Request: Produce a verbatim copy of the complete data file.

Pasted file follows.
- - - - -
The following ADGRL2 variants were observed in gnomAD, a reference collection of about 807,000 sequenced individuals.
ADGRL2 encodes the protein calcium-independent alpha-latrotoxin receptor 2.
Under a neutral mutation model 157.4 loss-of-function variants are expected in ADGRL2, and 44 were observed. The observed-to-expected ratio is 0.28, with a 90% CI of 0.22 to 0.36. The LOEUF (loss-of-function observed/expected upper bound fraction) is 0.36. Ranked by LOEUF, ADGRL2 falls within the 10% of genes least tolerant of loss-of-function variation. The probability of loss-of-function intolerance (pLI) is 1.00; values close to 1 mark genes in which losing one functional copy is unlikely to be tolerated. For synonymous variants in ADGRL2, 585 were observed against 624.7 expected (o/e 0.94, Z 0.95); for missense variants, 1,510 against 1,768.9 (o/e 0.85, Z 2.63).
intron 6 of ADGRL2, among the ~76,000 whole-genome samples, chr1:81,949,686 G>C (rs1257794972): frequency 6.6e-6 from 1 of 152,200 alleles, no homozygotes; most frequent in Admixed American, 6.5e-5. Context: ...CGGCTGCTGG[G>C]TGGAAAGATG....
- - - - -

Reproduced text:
The following ADGRL2 variants were observed in gnomAD, a reference collection of about 807,000 sequenced individuals.
ADGRL2 encodes the protein calcium-independent alpha-latrotoxin receptor 2.
Under a neutral mutation model 157.4 loss-of-function variants are expected in ADGRL2, and 44 were observed. The observed-to-expected ratio is 0.28, with a 90% CI of 0.22 to 0.36. The LOEUF (loss-of-function observed/expected upper bound fraction) is 0.36. Ranked by LOEUF, ADGRL2 falls within the 10% of genes least tolerant of loss-of-function variation. The probability of loss-of-function intolerance (pLI) is 1.00; values close to 1 mark genes in which losing one functional copy is unlikely to be tolerated. For synonymous variants in ADGRL2, 585 were observed against 624.7 expected (o/e 0.94, Z 0.95); for missense variants, 1,510 against 1,768.9 (o/e 0.85, Z 2.63).
intron 6 of ADGRL2, among the ~76,000 whole-genome samples, chr1:81,949,686 G>C (rs1257794972): frequency 6.6e-6 from 1 of 152,200 alleles, no homozygotes; most frequent in Admixed American, 6.5e-5. Context: ...CGGCTGCTGG[G>C]TGGAAAGATG....